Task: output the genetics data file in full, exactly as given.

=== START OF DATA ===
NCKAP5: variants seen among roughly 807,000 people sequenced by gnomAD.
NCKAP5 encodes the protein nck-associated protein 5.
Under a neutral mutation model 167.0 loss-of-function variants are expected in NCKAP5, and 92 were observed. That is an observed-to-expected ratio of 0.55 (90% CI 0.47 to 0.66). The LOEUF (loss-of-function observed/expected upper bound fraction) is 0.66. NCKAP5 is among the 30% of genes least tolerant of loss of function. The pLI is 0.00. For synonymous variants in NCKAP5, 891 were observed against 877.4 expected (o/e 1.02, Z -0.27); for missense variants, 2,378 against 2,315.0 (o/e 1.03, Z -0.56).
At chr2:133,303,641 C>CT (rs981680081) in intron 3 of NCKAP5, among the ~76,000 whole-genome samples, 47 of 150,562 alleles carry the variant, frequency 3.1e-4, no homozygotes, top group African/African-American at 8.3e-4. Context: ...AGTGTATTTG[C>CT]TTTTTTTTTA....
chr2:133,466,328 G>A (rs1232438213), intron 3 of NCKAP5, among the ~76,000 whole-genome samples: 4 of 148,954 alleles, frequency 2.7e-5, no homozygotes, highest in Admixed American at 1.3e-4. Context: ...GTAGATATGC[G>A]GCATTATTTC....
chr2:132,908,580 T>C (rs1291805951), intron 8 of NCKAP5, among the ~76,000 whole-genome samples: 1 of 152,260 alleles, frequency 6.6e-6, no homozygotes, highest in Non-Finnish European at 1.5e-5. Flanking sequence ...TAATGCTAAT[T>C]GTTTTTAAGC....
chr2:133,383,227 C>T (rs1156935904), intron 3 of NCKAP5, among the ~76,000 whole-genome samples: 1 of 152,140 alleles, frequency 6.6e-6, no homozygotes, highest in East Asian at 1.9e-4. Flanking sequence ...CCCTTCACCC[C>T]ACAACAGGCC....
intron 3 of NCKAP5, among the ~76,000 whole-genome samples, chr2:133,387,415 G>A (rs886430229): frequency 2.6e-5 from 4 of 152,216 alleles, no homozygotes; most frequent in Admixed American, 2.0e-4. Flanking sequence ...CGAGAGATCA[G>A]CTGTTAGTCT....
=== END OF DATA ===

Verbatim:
NCKAP5: variants seen among roughly 807,000 people sequenced by gnomAD.
NCKAP5 encodes the protein nck-associated protein 5.
Under a neutral mutation model 167.0 loss-of-function variants are expected in NCKAP5, and 92 were observed. That is an observed-to-expected ratio of 0.55 (90% CI 0.47 to 0.66). The LOEUF (loss-of-function observed/expected upper bound fraction) is 0.66. NCKAP5 is among the 30% of genes least tolerant of loss of function. The pLI is 0.00. For synonymous variants in NCKAP5, 891 were observed against 877.4 expected (o/e 1.02, Z -0.27); for missense variants, 2,378 against 2,315.0 (o/e 1.03, Z -0.56).
At chr2:133,303,641 C>CT (rs981680081) in intron 3 of NCKAP5, among the ~76,000 whole-genome samples, 47 of 150,562 alleles carry the variant, frequency 3.1e-4, no homozygotes, top group African/African-American at 8.3e-4. Context: ...AGTGTATTTG[C>CT]TTTTTTTTTA....
chr2:133,466,328 G>A (rs1232438213), intron 3 of NCKAP5, among the ~76,000 whole-genome samples: 4 of 148,954 alleles, frequency 2.7e-5, no homozygotes, highest in Admixed American at 1.3e-4. Context: ...GTAGATATGC[G>A]GCATTATTTC....
chr2:132,908,580 T>C (rs1291805951), intron 8 of NCKAP5, among the ~76,000 whole-genome samples: 1 of 152,260 alleles, frequency 6.6e-6, no homozygotes, highest in Non-Finnish European at 1.5e-5. Flanking sequence ...TAATGCTAAT[T>C]GTTTTTAAGC....
chr2:133,383,227 C>T (rs1156935904), intron 3 of NCKAP5, among the ~76,000 whole-genome samples: 1 of 152,140 alleles, frequency 6.6e-6, no homozygotes, highest in East Asian at 1.9e-4. Flanking sequence ...CCCTTCACCC[C>T]ACAACAGGCC....
intron 3 of NCKAP5, among the ~76,000 whole-genome samples, chr2:133,387,415 G>A (rs886430229): frequency 2.6e-5 from 4 of 152,216 alleles, no homozygotes; most frequent in Admixed American, 2.0e-4. Flanking sequence ...CGAGAGATCA[G>A]CTGTTAGTCT....